It’s valid in the USA, as it is the basis of the country. It depends on the law that you’re planning to break and the manner in which you break it.

ARE_you_kidding_me's avatar

I’m sure here in the states we break multiple laws everyday without even realizing it.

Espiritus_Corvus's avatar

Of course. ML King said something about it is the duty of citizens to break unjust laws. He mentioned the exclusionary laws under Hitler, which had the effect Gail describes above, in his speech supporting breaking unjust laws. But he was talking about breaking the racial and religious discrimination laws, the Jim Crow Laws, of the era.

Not to compare myself in any way to people who stood up to the Nazis or the institutions of the 1950s and 60s, but I’ve had a bone to pick with my state for quite some time: I believe everyone should be allowed beach access and there are laws on the books in the State of Florida—unjust laws in my opinion—that restrict beach access based on private ownership. One of Florida’s finest surfing sites, River Road, is no longer open to surfers. Correction, the finest surfing site, hands down, in the State of Florida has been closed to surfers for a whole generation now due to private ownership of the access. Pain in the ass. I’ve been arrested for tresspassing River Road.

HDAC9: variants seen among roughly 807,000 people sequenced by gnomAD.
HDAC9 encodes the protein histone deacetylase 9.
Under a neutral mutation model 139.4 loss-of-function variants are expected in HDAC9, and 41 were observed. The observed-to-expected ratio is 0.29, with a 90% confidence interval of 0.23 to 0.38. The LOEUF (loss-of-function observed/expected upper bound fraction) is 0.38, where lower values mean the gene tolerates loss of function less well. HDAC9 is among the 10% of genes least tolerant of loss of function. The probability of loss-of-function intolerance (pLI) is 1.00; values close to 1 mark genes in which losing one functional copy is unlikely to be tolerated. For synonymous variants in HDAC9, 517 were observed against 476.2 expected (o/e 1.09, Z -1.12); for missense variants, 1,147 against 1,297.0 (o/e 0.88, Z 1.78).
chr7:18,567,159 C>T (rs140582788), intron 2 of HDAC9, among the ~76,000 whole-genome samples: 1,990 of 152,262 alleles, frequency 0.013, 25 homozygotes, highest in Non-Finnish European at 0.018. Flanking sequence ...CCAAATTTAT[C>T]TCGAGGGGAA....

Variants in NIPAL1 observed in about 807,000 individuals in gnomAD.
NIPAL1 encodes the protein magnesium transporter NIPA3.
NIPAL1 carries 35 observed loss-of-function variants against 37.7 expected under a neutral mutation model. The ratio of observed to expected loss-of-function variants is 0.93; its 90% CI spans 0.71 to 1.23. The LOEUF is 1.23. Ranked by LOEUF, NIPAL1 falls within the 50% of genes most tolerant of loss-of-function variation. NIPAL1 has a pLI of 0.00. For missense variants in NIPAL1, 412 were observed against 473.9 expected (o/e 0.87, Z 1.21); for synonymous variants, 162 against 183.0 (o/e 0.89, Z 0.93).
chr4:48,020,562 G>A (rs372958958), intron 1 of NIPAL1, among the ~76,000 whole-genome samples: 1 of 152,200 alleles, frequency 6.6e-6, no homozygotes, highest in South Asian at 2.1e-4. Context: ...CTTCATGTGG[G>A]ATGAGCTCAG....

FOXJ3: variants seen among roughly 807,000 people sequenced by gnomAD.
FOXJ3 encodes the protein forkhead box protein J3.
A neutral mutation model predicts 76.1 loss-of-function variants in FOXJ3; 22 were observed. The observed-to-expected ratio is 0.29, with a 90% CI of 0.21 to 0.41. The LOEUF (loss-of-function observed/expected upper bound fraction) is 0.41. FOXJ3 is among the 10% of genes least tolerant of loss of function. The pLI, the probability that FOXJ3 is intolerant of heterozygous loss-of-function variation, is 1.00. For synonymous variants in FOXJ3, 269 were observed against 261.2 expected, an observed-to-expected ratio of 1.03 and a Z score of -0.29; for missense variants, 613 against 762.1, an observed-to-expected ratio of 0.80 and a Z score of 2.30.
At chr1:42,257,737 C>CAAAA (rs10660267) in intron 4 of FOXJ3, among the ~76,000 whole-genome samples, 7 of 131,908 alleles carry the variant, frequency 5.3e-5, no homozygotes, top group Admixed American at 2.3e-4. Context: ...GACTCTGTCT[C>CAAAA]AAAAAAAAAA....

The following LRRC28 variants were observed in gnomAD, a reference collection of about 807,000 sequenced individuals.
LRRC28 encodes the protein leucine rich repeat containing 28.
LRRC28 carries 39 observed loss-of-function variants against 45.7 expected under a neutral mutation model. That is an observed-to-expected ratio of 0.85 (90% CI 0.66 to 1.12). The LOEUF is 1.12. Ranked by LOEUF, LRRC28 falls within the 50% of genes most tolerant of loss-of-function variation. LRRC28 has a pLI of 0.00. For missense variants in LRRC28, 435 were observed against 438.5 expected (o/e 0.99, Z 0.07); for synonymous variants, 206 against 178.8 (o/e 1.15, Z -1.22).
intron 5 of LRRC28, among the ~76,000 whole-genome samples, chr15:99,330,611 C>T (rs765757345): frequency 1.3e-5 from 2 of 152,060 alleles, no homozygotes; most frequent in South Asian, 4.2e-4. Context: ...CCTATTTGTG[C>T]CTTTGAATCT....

The beaches are a natural resource to be enjoyed by all and not a wealthy few and I just can’t understand why those wealthy few con’t see it this way. So, I refuse to respect those laws that support that specific injustice.

bolwerk's avatar

Sure. Actually, there better be a damn good justification for expecting others to follow the pig state’s laws.

zander101's avatar

I feel it depends based on the continent one resides in. In North America, it can be justifiable based on what the perception of our respective government/judicial system allows or disallows, other continents I feel that it’s permitted based on the social ranking of the individual.

flutherother's avatar

I believe quite strongly in the rule of law where the laws are carefully thought out and based on a sense of morality. I never forget what Nixon said: ‘Well, when the president does it, that means that it is not illegal’ Wow! Where would that take us?